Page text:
All but one measurement has a value of above 0.5 [1]. There is a useful graph in Kuttruff’s Room Acoustics [2], which shows that even with D50 = 0.5 you’re getting 90% speech intelligibility.

Fig. 2. Definition vs source-receiver distance.

In terms of the balance between early and late reflections, Stonehenge is good for speech within the circle. But what about loudness, would the speech have been audible above other noise?


In performance spaces, loudness is gauged through a parameter called Strength, which is given the symbol G. It has a simple definition:

G = Lp,s – Lp,0

  • Lp,s = sound level measured at the listener position with all the stones present.
  • Lp,0 = sound level measurement at ten metres from the source in an anechoic chamber (no reflections just direct sound).

ISO 3382 recommends looking at G for an average of the mid-frequency octave bands of 500 and 1000 Hz, so that’s where I’ll start.

Fig. 3. Strength G vs source-receiver distance. The blue line is what would be expected with no stones based on the inverse square law.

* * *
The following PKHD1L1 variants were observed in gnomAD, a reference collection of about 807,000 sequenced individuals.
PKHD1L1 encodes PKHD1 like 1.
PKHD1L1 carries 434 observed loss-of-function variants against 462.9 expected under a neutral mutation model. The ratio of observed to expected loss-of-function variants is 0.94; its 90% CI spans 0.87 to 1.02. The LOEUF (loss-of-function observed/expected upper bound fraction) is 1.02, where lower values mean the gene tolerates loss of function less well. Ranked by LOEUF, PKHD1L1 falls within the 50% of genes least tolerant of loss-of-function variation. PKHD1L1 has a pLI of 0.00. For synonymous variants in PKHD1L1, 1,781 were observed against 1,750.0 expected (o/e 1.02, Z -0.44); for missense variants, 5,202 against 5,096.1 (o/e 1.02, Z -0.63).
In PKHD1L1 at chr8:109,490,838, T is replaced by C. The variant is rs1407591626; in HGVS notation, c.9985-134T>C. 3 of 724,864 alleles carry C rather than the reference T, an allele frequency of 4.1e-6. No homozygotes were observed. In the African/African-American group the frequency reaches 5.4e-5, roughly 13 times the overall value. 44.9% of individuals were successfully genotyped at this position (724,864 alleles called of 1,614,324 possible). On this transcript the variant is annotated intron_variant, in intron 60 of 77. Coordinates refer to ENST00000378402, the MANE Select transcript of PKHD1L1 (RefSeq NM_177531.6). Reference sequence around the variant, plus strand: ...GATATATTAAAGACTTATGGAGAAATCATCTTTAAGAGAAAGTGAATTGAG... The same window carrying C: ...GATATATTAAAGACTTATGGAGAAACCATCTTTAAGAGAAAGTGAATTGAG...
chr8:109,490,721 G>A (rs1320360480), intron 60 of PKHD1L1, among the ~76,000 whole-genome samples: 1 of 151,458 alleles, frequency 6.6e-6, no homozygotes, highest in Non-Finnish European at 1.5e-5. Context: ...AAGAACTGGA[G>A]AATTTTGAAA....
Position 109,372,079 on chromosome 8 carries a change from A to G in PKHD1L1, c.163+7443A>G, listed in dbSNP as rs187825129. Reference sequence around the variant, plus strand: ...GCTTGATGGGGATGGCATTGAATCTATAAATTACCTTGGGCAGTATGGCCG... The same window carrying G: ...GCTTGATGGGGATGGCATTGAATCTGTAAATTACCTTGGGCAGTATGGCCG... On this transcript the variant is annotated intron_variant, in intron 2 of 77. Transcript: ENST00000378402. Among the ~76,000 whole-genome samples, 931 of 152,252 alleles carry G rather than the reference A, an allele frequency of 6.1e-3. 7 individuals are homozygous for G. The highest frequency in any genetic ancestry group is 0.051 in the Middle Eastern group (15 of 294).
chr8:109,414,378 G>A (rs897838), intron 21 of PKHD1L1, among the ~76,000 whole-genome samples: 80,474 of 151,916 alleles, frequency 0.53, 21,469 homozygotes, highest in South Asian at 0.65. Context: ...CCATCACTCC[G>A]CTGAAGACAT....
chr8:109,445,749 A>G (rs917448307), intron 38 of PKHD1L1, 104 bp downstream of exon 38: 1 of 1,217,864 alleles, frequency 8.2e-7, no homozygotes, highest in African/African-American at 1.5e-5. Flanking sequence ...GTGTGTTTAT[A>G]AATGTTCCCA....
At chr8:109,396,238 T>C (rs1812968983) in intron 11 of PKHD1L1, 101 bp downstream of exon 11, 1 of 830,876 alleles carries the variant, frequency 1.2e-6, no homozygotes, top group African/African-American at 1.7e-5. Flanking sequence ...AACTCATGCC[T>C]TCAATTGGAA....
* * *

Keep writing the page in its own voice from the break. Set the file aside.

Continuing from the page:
Figure 3 shows the strength for all 29 source-receiver measurements within the stone circle. It’s dominated by the natural drop in level you get when you move further from a sound source [3]. Any points above the blue line have benefited from amplification due to reflections.

As we’ve seen in a previous blog, whether stones block the direct route from the source to receiver is important to the acoustic conditions. If the line of sight between the source and receiver is occluded due to a stone being in the way, then loudness is less (black crosses in Figure 3). This is due to the attenuation of the direct sound. (Example impulse responses for occluded and clear line-of-sight cases were given in my previous blog). In contrast, the measurements with a clear line-of-sight are generally louder.